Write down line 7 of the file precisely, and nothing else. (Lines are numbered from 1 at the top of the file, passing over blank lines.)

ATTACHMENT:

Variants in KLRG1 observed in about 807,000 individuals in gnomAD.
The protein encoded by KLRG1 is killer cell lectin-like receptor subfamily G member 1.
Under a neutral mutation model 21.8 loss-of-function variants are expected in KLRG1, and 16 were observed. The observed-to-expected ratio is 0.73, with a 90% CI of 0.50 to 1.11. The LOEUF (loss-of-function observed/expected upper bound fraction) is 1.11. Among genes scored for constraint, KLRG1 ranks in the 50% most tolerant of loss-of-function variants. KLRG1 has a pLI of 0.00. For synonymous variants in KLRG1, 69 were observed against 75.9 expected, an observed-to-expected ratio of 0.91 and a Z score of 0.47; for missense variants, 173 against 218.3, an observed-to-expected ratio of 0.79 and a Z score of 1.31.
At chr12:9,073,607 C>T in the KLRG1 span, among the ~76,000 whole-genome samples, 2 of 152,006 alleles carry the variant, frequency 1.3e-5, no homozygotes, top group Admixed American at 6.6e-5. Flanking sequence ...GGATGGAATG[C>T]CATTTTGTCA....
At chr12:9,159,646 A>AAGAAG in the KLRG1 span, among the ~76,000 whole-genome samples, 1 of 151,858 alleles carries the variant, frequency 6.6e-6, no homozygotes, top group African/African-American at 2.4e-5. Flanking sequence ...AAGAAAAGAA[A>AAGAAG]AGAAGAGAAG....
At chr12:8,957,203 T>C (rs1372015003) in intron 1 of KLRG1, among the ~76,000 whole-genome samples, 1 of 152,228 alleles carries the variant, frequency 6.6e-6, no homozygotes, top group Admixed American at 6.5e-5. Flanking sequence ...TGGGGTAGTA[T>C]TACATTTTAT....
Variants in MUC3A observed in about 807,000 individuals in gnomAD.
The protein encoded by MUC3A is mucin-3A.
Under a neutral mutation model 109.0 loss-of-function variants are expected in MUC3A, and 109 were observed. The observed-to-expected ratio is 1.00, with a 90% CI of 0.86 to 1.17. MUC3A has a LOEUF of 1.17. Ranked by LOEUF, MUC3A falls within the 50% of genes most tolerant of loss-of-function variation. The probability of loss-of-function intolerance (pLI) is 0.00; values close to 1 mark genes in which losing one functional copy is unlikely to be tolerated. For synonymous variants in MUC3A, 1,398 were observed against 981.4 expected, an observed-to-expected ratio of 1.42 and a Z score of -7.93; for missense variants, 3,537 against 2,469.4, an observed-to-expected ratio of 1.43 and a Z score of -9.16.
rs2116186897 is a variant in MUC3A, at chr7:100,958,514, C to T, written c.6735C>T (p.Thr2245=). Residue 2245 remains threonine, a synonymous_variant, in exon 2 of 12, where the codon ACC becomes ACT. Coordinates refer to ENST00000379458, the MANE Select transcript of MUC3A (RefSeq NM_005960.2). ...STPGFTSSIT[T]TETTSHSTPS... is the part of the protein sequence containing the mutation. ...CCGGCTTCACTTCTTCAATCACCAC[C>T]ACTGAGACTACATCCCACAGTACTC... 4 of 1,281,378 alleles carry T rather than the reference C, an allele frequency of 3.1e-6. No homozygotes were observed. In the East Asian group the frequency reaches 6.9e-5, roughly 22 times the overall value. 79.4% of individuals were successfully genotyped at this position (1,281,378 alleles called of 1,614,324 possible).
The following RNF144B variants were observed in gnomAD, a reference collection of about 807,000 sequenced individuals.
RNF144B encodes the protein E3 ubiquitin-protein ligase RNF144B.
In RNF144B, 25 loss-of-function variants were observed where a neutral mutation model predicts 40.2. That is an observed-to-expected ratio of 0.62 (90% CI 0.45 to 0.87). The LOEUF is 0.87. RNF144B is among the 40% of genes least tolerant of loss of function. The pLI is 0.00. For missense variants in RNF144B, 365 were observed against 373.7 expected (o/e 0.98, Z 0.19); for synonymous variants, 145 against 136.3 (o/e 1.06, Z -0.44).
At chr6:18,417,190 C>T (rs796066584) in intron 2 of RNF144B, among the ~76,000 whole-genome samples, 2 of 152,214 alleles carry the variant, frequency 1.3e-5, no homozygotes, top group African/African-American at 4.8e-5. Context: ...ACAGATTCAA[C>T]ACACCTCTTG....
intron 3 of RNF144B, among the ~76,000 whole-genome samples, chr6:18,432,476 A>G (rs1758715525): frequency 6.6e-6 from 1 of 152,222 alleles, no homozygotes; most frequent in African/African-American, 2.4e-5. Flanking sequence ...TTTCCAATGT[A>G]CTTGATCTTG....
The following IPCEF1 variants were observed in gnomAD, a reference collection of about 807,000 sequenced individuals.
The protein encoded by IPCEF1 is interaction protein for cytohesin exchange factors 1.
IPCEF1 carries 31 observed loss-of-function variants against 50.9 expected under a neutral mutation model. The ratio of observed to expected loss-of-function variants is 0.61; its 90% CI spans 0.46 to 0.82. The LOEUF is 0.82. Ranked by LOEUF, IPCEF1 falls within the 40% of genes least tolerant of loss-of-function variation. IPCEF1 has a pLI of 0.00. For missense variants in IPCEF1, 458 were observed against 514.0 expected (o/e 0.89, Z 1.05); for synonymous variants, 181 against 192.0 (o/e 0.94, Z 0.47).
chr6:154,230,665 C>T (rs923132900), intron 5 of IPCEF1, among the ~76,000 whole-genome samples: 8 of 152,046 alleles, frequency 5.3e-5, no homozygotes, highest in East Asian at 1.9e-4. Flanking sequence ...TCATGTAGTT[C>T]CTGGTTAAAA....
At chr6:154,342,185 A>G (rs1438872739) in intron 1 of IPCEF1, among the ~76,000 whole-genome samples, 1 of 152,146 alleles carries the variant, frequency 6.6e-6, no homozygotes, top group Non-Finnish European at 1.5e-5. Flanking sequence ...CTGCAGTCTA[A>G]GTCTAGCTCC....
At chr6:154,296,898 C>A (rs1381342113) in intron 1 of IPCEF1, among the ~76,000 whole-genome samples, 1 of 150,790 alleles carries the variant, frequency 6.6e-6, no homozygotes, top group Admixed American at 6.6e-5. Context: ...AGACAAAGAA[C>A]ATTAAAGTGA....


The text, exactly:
Variants in MUC3A observed in about 807,000 individuals in gnomAD.